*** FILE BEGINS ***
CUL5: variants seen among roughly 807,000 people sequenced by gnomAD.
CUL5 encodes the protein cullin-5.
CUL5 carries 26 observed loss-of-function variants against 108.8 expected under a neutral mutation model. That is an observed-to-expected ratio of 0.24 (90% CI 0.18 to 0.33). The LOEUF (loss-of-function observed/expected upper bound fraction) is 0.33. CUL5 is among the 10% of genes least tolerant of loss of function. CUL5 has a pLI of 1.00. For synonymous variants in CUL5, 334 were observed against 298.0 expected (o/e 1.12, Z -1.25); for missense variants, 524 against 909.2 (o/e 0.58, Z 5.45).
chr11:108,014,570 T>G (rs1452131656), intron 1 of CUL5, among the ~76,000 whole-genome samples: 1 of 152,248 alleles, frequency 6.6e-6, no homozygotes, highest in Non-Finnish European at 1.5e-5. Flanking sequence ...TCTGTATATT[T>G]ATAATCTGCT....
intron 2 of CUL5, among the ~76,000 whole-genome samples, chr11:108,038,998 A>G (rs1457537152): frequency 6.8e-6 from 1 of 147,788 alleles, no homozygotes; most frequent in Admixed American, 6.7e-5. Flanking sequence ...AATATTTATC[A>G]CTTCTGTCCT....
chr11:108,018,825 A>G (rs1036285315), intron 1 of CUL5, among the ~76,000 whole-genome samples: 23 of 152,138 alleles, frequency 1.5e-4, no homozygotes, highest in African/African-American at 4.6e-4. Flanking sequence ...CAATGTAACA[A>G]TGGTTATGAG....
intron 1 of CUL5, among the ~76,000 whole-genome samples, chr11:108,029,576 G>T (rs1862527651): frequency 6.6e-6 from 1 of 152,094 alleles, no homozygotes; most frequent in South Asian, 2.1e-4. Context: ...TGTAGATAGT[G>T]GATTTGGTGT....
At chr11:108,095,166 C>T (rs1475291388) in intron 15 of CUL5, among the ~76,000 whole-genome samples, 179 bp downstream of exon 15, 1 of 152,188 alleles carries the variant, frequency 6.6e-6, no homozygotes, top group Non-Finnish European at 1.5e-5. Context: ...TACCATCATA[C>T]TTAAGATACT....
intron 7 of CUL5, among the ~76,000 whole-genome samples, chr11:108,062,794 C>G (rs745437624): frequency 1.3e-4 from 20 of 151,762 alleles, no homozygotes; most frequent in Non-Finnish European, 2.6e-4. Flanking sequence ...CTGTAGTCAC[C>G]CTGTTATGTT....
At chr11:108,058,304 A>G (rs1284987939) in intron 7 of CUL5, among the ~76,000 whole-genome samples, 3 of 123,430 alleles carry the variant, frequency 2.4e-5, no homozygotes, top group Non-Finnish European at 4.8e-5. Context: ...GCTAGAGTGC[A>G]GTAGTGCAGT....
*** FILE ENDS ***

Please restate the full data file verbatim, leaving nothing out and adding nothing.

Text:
CUL5: variants seen among roughly 807,000 people sequenced by gnomAD.
CUL5 encodes the protein cullin-5.
CUL5 carries 26 observed loss-of-function variants against 108.8 expected under a neutral mutation model. That is an observed-to-expected ratio of 0.24 (90% CI 0.18 to 0.33). The LOEUF (loss-of-function observed/expected upper bound fraction) is 0.33. CUL5 is among the 10% of genes least tolerant of loss of function. CUL5 has a pLI of 1.00. For synonymous variants in CUL5, 334 were observed against 298.0 expected (o/e 1.12, Z -1.25); for missense variants, 524 against 909.2 (o/e 0.58, Z 5.45).
chr11:108,014,570 T>G (rs1452131656), intron 1 of CUL5, among the ~76,000 whole-genome samples: 1 of 152,248 alleles, frequency 6.6e-6, no homozygotes, highest in Non-Finnish European at 1.5e-5. Flanking sequence ...TCTGTATATT[T>G]ATAATCTGCT....
intron 2 of CUL5, among the ~76,000 whole-genome samples, chr11:108,038,998 A>G (rs1457537152): frequency 6.8e-6 from 1 of 147,788 alleles, no homozygotes; most frequent in Admixed American, 6.7e-5. Flanking sequence ...AATATTTATC[A>G]CTTCTGTCCT....
chr11:108,018,825 A>G (rs1036285315), intron 1 of CUL5, among the ~76,000 whole-genome samples: 23 of 152,138 alleles, frequency 1.5e-4, no homozygotes, highest in African/African-American at 4.6e-4. Flanking sequence ...CAATGTAACA[A>G]TGGTTATGAG....
intron 1 of CUL5, among the ~76,000 whole-genome samples, chr11:108,029,576 G>T (rs1862527651): frequency 6.6e-6 from 1 of 152,094 alleles, no homozygotes; most frequent in South Asian, 2.1e-4. Context: ...TGTAGATAGT[G>T]GATTTGGTGT....
At chr11:108,095,166 C>T (rs1475291388) in intron 15 of CUL5, among the ~76,000 whole-genome samples, 179 bp downstream of exon 15, 1 of 152,188 alleles carries the variant, frequency 6.6e-6, no homozygotes, top group Non-Finnish European at 1.5e-5. Context: ...TACCATCATA[C>T]TTAAGATACT....
intron 7 of CUL5, among the ~76,000 whole-genome samples, chr11:108,062,794 C>G (rs745437624): frequency 1.3e-4 from 20 of 151,762 alleles, no homozygotes; most frequent in Non-Finnish European, 2.6e-4. Flanking sequence ...CTGTAGTCAC[C>G]CTGTTATGTT....
At chr11:108,058,304 A>G (rs1284987939) in intron 7 of CUL5, among the ~76,000 whole-genome samples, 3 of 123,430 alleles carry the variant, frequency 2.4e-5, no homozygotes, top group Non-Finnish European at 4.8e-5. Context: ...GCTAGAGTGC[A>G]GTAGTGCAGT....